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How to tell if you need custom shoe inserts or orthotics
How to tell if you need custom shoe inserts or orthotics

By: Dr. Aaranson 


Our feet withstand an amazing amount of weight and pressure over the course of a lifetime. The reality is that our feet were never intended to wear shoes, but we adopted the use of shoes through innovation, technology, and comfort. Of course, wearing shoes provide all sorts of helpful benefits, as well as protection from sharp or hard objects that can damage our feet.

Shoes can also bring their own potential health risks, namely from improper support for your feet as you walk. Spending significant amounts of time on your feet without the proper support can lead to any combination of foot, knee, hip, and back pain. Wearing shoe inserts or a custom set of orthotics is one of the best ways to alleviate shoe-related foot pain and prevent further damage.

3 tips for telling if you need orthotics

How do you know if you need shoe inserts or orthotics? These three tips can you help determine if you need to invest in a new pair of shoe inserts or orthotics:

  1. Look at your most used shoes. Are you wearing out one side of the heel more than the other? Your feet may pronate (roll inward) or supinate (roll outward) when you plant your feet and walk. The heels on your shoes will show noticeable wear based on your gait.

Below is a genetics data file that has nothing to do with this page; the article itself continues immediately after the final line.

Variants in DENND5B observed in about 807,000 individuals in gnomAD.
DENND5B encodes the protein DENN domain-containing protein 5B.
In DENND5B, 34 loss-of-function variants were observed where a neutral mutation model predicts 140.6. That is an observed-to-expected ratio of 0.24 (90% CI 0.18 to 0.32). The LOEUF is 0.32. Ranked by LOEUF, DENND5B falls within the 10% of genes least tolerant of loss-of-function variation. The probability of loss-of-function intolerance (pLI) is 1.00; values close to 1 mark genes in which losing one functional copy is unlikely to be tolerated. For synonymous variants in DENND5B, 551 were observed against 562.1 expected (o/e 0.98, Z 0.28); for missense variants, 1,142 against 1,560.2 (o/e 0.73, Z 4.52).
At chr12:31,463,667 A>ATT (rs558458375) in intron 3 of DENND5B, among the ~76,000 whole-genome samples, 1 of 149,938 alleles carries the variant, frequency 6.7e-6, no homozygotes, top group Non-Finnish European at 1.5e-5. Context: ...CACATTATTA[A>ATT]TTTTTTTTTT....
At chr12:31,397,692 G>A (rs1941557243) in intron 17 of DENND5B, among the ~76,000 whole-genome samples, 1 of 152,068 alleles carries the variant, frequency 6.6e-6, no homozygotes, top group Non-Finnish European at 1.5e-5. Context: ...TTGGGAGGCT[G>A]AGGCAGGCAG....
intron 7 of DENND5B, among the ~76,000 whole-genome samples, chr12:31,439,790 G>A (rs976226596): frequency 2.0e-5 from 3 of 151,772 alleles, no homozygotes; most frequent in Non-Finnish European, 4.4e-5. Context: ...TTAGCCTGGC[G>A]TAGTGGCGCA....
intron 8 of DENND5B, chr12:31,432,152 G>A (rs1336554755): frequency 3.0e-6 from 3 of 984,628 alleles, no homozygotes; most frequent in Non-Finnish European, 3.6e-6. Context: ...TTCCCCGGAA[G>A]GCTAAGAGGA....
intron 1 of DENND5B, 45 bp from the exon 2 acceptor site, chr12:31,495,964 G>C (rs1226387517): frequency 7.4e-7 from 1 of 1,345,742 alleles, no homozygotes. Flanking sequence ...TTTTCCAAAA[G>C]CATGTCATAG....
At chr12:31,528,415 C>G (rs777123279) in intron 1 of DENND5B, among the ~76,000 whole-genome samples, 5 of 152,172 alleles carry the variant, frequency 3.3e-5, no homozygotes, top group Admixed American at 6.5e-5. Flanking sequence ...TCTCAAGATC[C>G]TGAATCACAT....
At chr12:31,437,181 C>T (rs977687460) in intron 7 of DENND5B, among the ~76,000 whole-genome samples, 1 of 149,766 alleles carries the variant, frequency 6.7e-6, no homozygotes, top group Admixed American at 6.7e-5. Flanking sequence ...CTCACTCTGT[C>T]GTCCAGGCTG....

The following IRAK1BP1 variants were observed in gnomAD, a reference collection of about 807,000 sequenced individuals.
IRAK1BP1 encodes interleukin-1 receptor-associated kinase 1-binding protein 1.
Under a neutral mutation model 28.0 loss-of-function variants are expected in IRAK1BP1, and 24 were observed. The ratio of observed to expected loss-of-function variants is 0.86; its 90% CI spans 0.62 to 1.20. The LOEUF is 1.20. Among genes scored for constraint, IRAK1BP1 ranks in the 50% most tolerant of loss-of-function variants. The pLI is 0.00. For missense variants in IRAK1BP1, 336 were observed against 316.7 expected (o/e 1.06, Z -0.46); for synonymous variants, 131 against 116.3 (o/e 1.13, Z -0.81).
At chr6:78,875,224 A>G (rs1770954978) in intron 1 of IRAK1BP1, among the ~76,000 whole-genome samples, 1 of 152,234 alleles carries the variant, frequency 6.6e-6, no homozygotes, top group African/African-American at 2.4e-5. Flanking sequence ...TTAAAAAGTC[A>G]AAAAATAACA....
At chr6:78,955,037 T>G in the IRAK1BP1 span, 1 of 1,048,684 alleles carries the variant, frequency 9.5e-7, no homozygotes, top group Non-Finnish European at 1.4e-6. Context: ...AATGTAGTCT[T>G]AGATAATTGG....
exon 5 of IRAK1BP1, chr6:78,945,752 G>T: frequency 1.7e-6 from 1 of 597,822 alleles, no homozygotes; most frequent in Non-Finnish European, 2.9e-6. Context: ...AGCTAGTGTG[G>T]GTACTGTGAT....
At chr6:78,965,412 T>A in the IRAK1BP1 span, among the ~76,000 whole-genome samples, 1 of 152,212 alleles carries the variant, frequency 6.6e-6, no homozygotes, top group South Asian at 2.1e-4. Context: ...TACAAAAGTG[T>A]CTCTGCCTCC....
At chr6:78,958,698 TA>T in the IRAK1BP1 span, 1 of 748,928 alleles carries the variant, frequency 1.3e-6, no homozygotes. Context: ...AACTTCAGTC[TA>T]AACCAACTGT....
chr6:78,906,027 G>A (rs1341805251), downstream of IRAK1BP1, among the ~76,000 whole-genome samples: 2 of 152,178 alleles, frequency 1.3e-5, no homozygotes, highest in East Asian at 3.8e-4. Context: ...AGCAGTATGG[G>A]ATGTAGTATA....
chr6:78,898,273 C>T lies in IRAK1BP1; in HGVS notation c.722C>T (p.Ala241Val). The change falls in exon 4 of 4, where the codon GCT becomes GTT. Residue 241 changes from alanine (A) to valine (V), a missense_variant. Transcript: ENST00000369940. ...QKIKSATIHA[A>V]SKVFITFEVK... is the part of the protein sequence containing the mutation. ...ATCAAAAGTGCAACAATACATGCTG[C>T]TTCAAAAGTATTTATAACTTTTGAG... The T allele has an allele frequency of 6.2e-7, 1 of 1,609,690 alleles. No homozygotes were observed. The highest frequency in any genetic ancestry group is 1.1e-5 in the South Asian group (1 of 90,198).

2. Check your footprint. Wet your feet and step on a dry towel. Your wet footprint will show how your weight is distributed as you step. If there is a pronounced “C” shape, it’s likely your foot rolls outward (supinates) as you walk. If you don’t see any sign of an arch, you may be susceptible to a pronated walk where your feet roll inward or you have truly flat feet.

  3. Pain in your heels or arches is often a sign of improper support. You may need better support for your arches. Proper foot support provides balance and comfort.

Unfortunately, foot pain may not be reduced with orthotics. There are a number of overuse injuries and conditions that can affect your ability to walk. Our Orthopedic Associates team features a board-certified podiatrist who can help you identify the source of your foot and ankle pain. The first step (pun intended) is to schedule an appointment with Orthopedic Associates.





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